I've come across a new blog that I really really like and highly recommend called "Innovate on Purpose". That's a good blog name by the way.
In his most recent post, Jeffrey Phillips talks about shifting roles of the workforce in companies in relation to innovation. He (and his colleagues) have developed a model that recognizes 4 main roles or perspectives within a firm that predict its proclivity toward innovation. See post for more detailed descriptions.
Optimizers. Work with existing methods & models to eke out all efficiency.
Reacters. Are your organizational firefighters.
Forecasters. Your dreamers who focus on delivering tommorrow's promises.
Creators. Inventors of new products and services often ignoring current systems and processes. These are the folks who create new business models.
The post goes on to discuss that most large organizations have been dominated by optimizers in the 1990's and 2000's. These are the people who've worked on lean, Six Sigma, downsizing, outsourcing and generally have squeezed out the profit. Optimizers largely crowded out Reactors, Forecasters and Creators in most large organizations.
Now, we're in a real time of rapid change, with global competitors everywhere we turn, and need to crank out new ideas and deliver new solutions -- yesterday. Enter the Reactors. Reactors are dominant at most companies now largely due to massive changes in the environment. We all go to work to "fight fires".
This got me thinking. Does a typical Big Pharma company sound like one that would have heavily employed lean, Six Sigma, operational excellence, downsizing, outsourcing, profit optimization? Sound like any Company that you know?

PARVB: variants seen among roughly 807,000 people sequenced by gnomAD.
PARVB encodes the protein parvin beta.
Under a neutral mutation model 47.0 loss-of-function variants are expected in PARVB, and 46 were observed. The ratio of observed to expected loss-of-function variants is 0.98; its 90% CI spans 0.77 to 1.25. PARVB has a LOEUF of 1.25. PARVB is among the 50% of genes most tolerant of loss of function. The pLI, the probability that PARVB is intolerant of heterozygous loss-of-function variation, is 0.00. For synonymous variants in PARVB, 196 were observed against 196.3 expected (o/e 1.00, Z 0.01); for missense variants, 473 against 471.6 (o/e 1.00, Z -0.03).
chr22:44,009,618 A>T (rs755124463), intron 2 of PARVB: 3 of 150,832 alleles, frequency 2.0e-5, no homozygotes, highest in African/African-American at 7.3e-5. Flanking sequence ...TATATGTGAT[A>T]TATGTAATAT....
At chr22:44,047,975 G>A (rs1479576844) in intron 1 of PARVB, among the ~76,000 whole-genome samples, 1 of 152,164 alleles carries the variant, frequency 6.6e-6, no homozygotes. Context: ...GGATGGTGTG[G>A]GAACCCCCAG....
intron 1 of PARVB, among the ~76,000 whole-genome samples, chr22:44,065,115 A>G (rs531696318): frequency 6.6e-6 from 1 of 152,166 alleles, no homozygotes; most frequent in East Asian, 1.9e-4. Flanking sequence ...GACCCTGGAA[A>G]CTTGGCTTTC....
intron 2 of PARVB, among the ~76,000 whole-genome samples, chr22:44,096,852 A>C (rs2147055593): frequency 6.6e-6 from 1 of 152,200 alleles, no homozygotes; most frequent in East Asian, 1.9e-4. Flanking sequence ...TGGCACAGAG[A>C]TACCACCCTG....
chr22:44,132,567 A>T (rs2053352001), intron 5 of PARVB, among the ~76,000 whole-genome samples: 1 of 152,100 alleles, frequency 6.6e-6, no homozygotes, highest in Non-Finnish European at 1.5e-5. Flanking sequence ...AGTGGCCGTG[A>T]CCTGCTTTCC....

And now, with new economic conditions, patent cliffs, failures in pipeline, global competiton from pharmerging markets, generics and biosimilars -- is it any wonder that many of these companies seem to be in Reacter mode? Somebody get the fire hose!
Most Pharma CEOs now seem to be talking about the need for innovation. Further in a recent poll of CEOs, these guys/gals identified "creativity" as most desirable characteristic needed in a Senior Manager - presumably to spur innovation. Big Pharma successfully runs on continued innovation from its pipeline - that's its life blood by definition. Yet, we let the pendulum swing too far and filled the company with Optimizers and Reacters.
All Companies need all 4 types of people. It is really a question of proportion to fit the times and the business model. Big Pharma needs innovation. It is well past the time to focus on getting more Forecasters and Creators on board -- and to actually listen to what they have to say. The Optimizers and Reacters are going to need to be reprogrammed to behave more like the Forecasters and Creators. This is particularly true in times of great Industry change and upheaval.
Some Optimizers are needed to help keep the business moving. Reacters are reacters - not much value added. The Forecasters and Creators will need to lead the way to new product pipelines, new business models, new partnerships and collaborations, and generally point the firm toward regaining a sustainable competitive position.
It's easy to see how Big Pharma cultivated Optimizers and Reactors over the past two decades. It's just as easy to see its time to make a change for the future. Those who do will become the market leaders of tommorrow. Better a Creator than Reactor be. Better a Forecaster than Optimizer be.
Posted by Bruce Lehr June 8th 2010.